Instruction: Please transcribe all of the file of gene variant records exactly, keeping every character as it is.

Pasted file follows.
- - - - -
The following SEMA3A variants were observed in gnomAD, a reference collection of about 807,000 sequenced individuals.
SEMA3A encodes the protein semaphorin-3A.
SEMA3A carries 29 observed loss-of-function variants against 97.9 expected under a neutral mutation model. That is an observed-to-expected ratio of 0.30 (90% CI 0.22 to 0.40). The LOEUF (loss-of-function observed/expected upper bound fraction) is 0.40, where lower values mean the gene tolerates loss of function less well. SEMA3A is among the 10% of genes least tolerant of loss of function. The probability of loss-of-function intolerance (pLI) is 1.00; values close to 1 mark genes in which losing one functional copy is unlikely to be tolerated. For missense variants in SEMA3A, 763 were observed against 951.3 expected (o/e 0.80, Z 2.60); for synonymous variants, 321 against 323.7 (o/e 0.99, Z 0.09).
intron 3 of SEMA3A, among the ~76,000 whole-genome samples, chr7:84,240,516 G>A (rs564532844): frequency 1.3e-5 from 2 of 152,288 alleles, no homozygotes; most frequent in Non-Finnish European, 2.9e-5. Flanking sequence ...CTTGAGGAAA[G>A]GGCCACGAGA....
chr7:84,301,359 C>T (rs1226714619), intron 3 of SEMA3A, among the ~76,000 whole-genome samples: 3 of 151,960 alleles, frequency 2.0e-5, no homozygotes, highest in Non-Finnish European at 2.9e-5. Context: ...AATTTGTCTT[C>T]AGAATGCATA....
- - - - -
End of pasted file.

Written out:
The following SEMA3A variants were observed in gnomAD, a reference collection of about 807,000 sequenced individuals.
SEMA3A encodes the protein semaphorin-3A.
SEMA3A carries 29 observed loss-of-function variants against 97.9 expected under a neutral mutation model. That is an observed-to-expected ratio of 0.30 (90% CI 0.22 to 0.40). The LOEUF (loss-of-function observed/expected upper bound fraction) is 0.40, where lower values mean the gene tolerates loss of function less well. SEMA3A is among the 10% of genes least tolerant of loss of function. The probability of loss-of-function intolerance (pLI) is 1.00; values close to 1 mark genes in which losing one functional copy is unlikely to be tolerated. For missense variants in SEMA3A, 763 were observed against 951.3 expected (o/e 0.80, Z 2.60); for synonymous variants, 321 against 323.7 (o/e 0.99, Z 0.09).
intron 3 of SEMA3A, among the ~76,000 whole-genome samples, chr7:84,240,516 G>A (rs564532844): frequency 1.3e-5 from 2 of 152,288 alleles, no homozygotes; most frequent in Non-Finnish European, 2.9e-5. Flanking sequence ...CTTGAGGAAA[G>A]GGCCACGAGA....
chr7:84,301,359 C>T (rs1226714619), intron 3 of SEMA3A, among the ~76,000 whole-genome samples: 3 of 151,960 alleles, frequency 2.0e-5, no homozygotes, highest in Non-Finnish European at 2.9e-5. Context: ...AATTTGTCTT[C>T]AGAATGCATA....